The Coalition’s pursuit of Peter Garrett has faded in only the second Question Time this week, with the Minister untroubled by sustained Opposition questioning this afternoon and the Coalition having nowhere to direct its attack after moving a censure motion yesterday.

Government MPs are privately astonished at the Opposition’s tactics, after Liberal leader Tony Abbott moved a censure motion only half-a-dozen questions into the first Question Time of the week yesterday, despite the lack of any compelling evidence to emerge from the Senate’s committee hearings into the insulation program.

Garrett’s fate is now dependent on  whether the Government can shift the media cycle on from the issue and back onto its preferred territory of the economy, health and national security.  The Opposition therefore needed to maintain pressure and media focus on Garrett with new material or new issues about his handling of the program, creating a steady drip of stories and building up the pressure across the rest of week.  Instead, the Opposition’s questions revolved around what Garrett had previously told Parliament, and a series of electoral anecdotes about businesses affected by the major overhaul of the scheme announced by Garrett on Friday afternoon.

The questions allowed Garrett to get onto the front foot for the first time in weeks, pointing out that the Opposition had opposed the entire program, rendering their criticisms of its closure (which had been demanded by the Opposition) hypocritical.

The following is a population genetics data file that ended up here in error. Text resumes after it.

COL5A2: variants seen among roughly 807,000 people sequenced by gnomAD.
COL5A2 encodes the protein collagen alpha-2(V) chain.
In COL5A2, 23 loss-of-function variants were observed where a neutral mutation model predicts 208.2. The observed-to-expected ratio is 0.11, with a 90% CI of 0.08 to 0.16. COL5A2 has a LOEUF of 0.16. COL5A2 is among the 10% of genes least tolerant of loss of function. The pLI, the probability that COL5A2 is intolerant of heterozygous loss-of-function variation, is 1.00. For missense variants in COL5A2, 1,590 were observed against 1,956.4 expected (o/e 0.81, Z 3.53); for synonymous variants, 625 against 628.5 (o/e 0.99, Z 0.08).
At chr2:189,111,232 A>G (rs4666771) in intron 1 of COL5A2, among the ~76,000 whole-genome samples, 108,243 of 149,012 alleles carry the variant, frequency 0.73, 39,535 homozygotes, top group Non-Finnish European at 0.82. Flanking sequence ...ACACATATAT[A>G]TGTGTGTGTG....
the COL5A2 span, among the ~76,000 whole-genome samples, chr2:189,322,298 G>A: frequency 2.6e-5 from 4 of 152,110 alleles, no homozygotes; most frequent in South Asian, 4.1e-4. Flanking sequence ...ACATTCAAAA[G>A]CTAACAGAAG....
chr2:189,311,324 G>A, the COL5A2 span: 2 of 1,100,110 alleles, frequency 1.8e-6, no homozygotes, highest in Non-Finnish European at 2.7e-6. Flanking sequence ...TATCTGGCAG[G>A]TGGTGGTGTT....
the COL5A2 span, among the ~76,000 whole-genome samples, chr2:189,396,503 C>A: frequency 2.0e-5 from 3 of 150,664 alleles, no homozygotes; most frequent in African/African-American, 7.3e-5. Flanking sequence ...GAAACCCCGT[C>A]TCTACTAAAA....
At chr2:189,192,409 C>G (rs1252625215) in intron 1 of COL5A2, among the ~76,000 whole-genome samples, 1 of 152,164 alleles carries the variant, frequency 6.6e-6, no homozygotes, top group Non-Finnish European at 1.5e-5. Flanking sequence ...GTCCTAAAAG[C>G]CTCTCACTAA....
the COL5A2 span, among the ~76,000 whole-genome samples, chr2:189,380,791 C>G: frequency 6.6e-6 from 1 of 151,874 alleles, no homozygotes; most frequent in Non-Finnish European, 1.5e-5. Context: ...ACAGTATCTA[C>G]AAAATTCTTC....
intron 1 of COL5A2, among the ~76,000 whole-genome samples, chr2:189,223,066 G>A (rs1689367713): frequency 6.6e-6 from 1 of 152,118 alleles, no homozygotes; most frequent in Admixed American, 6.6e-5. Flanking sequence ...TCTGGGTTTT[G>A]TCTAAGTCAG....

It was a small but significant moment for Garrett, who must be delighted that the forensic Malcolm Turnbull is watching with bemusement from the backbench rather than leading the Opposition after him.  Tony Abbott and Greg Hunt have made for poor pursuers, and the Opposition tactics committee’s approach has been consistently confusing both in the first Parliamentary fortnight, when the matter was barely pursued until the end of the session, and this week.  Garrett will feel more secure in his position now after the Prime Minister gave strong support to him in today’s Caucus meeting and the Opposition failed to land a blow.

Rudd’s approach, of refusing to countenance losing a Minister unless absolutely critical, is a straight from the Howard playbook used to frustrate Labor so much for more than a decade.